Ten years after the goodbye, his mother got the book published, and it won the most prestigious award a piece of literature can receive. 

It's one of the best novels ever written—not that any of these postmortem accolades mean anything to Toole's bones.

Anyway, I feel a great affinity for and simpatico with both Seymour Glass and John Kennedy Toole, and yet I am about to turn 32, which, to me, signifies that I am a man who is wretchedly tortured by an oversensitive disposition, but not to the extent that it will ever lead to transcendent artistic success, and it also tells me that I am nauseatingly tortured by the complete rejection my words and I have received on every possible level of literary life, but not to the extent that a real-life, truly great writer was.

I'm going to be 32 in early September.

I'm just some fucking guy.

What's killing me is that I am thoroughly convinced that I'm better than what I am in life right now, but what if I'm not? 

If what I am is what I don't want to be anymore, and which I have now spent years proving I can't change, then why should I want to be at all?

Is that what they concluded?


In light of the news that Salinger's estate is set to release five new books in the coming years, I also have to wonder if sensitive Seymour still would have killed himself if one of his beloved dead Japanese poets had five new manuscripts on the way.

Maybe he would have at least given it a few moments of thought before he woke up his wife like that.

Friday, August 23, 2013

A Swaddle Of Poetry

I have a small but earnest contingent of fans of my poetry, and this roving biographical shotgun blast called my "web log" seems like as good a place as any to post the only poems I’ve written in the last three years.

I was thinking about saving them for publications and competitions, but most of the time I shudder at the wretchedness of the published and heralded poems that are chosen in those places where I have a somewhat reasonable chance of distinguishing myself.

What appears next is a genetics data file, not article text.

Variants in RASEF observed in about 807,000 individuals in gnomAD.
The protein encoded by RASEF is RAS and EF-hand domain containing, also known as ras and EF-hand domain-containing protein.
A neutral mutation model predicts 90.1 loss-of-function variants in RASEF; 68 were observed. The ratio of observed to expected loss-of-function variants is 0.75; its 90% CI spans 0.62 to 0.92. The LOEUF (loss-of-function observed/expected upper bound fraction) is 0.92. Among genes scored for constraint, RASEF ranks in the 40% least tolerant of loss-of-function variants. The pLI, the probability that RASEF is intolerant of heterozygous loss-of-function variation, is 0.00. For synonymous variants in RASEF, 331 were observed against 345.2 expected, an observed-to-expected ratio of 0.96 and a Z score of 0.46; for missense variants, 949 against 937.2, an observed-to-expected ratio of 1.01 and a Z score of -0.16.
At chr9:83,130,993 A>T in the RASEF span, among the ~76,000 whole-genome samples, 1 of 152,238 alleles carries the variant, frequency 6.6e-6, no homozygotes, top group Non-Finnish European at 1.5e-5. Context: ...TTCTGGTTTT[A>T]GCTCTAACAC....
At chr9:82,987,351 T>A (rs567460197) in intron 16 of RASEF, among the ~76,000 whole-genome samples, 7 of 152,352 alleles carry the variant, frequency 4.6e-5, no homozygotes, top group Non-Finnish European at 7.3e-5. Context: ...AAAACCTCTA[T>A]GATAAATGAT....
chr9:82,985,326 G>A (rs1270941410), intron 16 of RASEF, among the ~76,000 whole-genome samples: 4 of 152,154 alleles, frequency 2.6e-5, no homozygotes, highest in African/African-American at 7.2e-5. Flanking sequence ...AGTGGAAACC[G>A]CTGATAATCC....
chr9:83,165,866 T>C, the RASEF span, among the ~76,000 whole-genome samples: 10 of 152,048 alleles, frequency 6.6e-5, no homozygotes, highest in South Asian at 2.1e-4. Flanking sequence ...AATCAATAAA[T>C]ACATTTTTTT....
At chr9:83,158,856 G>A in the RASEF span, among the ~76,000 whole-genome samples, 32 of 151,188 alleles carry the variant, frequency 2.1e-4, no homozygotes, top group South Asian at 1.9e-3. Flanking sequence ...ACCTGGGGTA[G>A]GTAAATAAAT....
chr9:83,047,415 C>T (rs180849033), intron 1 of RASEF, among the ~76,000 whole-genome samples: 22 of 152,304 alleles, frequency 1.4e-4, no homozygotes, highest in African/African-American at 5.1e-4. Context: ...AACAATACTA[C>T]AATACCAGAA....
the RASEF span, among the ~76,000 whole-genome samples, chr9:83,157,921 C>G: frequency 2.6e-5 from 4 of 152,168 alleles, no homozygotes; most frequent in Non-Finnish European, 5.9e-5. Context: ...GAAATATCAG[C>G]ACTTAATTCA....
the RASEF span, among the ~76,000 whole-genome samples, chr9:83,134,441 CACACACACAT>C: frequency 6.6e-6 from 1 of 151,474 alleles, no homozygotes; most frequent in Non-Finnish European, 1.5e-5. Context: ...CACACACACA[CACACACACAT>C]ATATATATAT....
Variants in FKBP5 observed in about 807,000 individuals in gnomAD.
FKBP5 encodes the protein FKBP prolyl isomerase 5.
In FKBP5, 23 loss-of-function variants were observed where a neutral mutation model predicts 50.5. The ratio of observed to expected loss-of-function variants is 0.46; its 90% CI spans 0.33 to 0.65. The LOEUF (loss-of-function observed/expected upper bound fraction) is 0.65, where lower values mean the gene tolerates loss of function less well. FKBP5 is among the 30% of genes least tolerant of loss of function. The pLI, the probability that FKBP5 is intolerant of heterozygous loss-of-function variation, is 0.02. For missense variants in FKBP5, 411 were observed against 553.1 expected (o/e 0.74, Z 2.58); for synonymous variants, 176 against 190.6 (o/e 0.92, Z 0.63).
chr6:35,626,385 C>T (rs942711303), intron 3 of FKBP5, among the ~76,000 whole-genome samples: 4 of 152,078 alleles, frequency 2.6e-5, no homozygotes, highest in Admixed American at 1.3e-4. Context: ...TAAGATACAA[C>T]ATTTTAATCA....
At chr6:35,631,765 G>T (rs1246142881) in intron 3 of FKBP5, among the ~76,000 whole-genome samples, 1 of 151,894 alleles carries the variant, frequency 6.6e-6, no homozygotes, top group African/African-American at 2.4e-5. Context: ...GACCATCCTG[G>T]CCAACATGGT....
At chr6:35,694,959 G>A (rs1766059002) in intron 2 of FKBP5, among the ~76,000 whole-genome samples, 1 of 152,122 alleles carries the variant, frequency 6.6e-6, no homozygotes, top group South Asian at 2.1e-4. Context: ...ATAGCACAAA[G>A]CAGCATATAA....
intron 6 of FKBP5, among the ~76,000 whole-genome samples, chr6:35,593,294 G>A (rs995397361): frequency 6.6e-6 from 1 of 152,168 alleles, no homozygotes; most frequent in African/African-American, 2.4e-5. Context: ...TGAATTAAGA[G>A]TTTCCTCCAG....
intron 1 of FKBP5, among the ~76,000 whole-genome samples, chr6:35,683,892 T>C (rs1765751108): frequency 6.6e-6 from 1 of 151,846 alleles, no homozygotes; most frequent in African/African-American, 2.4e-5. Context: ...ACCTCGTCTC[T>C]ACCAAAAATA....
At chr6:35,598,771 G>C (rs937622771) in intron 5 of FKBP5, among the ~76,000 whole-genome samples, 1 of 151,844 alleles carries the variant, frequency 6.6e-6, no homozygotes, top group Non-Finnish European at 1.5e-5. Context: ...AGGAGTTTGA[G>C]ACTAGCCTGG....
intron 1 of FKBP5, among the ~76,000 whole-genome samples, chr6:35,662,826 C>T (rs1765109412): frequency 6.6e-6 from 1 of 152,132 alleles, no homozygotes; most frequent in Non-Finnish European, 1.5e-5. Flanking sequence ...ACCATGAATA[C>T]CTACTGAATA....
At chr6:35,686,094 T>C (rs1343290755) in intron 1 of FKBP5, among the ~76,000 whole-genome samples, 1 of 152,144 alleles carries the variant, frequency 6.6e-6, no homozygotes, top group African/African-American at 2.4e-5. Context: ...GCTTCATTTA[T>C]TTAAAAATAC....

Here, these poems can just be themselves—a lyrical bouquet, a swaddle of poetry—rather than some loser’s discarded pieces of shit.

One Of My Aspirations Is To Be A Solar Body

Several deep character flaws
that I can’t seem to amputate
or metamorphose
have frogmarched me into a life where,
at least sometimes,
which is to say, most of the time,
I have no greater or clearer aspiration,
no more specific purpose for being,
other than a decades-old, divinely inspired motivation to
write something so singularly beautiful
that its only earthly comparison would be the
emotional-intellectual brain-feeling of
sunlight on bare skin.


A Wailing Ambitious Ex-Catholic Author Cannot Briefly Answer Your Chit-Chat Questions

Two years? Gone!
In elsewhere time,
and nothing written,
not a line,
not a rhyme,
but a heaping of beatings—
a blacksmith,
page after page,
beating and beaten,
choking with rage!

Must in the air,
not obligation but moss.
Coughing now, wheezing—
but my own boss!

That’s the spirit!
And that’s the body, too.
Both of us, both!
what can the two of us do?

no daily rendering
of our poor Earth could be complete
without the existential march
of mischievous little feet
hurrying whatever wild weather
they bring to the cellar door
(where once the storm knocks
it knocks forty more).

And flying down low
into the safety below—
all my family, real friends, weird feelings in tow—
I’ll have myself time
and nearly all I might need: